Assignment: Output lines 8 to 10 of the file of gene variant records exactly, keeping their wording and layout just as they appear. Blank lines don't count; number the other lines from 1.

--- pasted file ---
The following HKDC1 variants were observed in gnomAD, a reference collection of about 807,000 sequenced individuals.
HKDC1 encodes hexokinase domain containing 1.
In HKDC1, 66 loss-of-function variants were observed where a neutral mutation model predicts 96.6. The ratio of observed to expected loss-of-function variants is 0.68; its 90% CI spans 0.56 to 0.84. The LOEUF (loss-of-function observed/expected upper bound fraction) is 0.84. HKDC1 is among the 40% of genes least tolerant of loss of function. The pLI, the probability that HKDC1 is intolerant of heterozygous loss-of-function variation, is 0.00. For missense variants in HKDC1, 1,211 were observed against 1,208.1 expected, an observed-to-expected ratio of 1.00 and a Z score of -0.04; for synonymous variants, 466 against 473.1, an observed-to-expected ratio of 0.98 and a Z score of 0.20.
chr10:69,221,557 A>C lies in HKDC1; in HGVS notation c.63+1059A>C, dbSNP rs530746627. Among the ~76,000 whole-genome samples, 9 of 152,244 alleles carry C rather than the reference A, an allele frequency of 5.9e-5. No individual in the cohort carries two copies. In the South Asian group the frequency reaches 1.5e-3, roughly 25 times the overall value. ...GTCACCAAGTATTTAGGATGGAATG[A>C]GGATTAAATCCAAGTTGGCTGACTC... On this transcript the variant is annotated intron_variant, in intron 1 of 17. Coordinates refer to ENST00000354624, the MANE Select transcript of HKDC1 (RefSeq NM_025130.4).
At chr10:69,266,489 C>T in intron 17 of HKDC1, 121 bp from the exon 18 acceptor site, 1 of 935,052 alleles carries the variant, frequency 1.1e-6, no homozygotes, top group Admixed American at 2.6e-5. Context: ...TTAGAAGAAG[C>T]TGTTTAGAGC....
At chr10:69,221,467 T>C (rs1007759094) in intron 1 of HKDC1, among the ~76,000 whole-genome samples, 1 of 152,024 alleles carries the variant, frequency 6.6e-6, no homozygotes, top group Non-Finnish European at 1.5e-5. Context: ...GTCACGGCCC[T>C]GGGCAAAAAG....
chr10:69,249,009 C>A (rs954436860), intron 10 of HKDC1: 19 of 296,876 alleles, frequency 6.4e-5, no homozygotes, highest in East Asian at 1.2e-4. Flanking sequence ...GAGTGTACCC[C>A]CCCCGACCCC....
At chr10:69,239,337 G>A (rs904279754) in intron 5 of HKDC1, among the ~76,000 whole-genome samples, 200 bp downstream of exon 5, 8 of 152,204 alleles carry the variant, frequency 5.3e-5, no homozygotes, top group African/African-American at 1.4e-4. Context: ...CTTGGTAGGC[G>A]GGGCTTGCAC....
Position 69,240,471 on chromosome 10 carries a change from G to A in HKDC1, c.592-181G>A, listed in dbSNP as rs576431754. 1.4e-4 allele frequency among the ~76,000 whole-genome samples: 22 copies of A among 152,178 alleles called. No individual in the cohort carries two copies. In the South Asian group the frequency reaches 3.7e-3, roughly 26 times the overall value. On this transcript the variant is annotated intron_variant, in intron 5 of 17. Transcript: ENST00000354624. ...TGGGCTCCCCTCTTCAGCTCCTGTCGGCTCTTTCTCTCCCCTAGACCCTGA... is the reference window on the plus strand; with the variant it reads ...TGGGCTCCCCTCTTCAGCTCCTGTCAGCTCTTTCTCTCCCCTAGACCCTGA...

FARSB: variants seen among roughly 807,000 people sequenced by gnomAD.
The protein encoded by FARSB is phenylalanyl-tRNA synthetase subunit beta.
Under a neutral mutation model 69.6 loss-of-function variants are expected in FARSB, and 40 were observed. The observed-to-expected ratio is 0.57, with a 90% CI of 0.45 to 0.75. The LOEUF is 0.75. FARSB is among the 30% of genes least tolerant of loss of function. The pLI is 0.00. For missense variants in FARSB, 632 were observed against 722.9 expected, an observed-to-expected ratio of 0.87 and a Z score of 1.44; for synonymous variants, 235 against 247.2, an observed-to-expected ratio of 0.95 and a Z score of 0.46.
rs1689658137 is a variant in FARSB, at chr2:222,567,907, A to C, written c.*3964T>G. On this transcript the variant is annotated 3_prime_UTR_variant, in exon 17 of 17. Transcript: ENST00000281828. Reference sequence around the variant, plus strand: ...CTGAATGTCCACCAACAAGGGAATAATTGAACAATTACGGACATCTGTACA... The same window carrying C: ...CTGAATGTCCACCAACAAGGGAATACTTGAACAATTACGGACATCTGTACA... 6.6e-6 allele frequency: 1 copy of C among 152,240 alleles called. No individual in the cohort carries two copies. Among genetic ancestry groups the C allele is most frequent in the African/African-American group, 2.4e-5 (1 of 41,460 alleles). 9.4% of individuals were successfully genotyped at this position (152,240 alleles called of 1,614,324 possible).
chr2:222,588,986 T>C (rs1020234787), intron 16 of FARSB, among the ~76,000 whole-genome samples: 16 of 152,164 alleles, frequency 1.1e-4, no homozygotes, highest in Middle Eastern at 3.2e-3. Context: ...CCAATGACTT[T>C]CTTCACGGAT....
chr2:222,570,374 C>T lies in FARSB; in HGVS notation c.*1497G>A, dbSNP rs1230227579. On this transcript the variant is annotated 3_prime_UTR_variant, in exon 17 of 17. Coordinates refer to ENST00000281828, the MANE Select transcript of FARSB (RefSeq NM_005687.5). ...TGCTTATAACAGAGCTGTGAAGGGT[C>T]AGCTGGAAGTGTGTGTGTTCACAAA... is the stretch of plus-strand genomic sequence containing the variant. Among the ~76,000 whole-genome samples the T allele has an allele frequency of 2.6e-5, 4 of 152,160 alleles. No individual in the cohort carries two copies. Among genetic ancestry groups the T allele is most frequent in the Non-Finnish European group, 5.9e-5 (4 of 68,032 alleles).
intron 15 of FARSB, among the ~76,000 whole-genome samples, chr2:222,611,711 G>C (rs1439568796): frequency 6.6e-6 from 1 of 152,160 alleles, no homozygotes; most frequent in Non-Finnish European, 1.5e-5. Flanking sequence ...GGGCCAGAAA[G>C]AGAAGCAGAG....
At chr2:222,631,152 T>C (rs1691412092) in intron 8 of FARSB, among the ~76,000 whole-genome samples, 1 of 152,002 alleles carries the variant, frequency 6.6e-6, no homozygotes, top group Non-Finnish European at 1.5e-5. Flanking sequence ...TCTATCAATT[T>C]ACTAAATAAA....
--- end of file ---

At chr10:69,239,337 G>A (rs904279754) in intron 5 of HKDC1, among the ~76,000 whole-genome samples, 200 bp downstream of exon 5, 8 of 152,204 alleles carry the variant, frequency 5.3e-5, no homozygotes, top group African/African-American at 1.4e-4. Context: ...CTTGGTAGGC[G>A]GGGCTTGCAC....
Position 69,240,471 on chromosome 10 carries a change from G to A in HKDC1, c.592-181G>A, listed in dbSNP as rs576431754. 1.4e-4 allele frequency among the ~76,000 whole-genome samples: 22 copies of A among 152,178 alleles called. No individual in the cohort carries two copies. In the South Asian group the frequency reaches 3.7e-3, roughly 26 times the overall value. On this transcript the variant is annotated intron_variant, in intron 5 of 17. Transcript: ENST00000354624. ...TGGGCTCCCCTCTTCAGCTCCTGTCGGCTCTTTCTCTCCCCTAGACCCTGA... is the reference window on the plus strand; with the variant it reads ...TGGGCTCCCCTCTTCAGCTCCTGTCAGCTCTTTCTCTCCCCTAGACCCTGA...

FARSB: variants seen among roughly 807,000 people sequenced by gnomAD.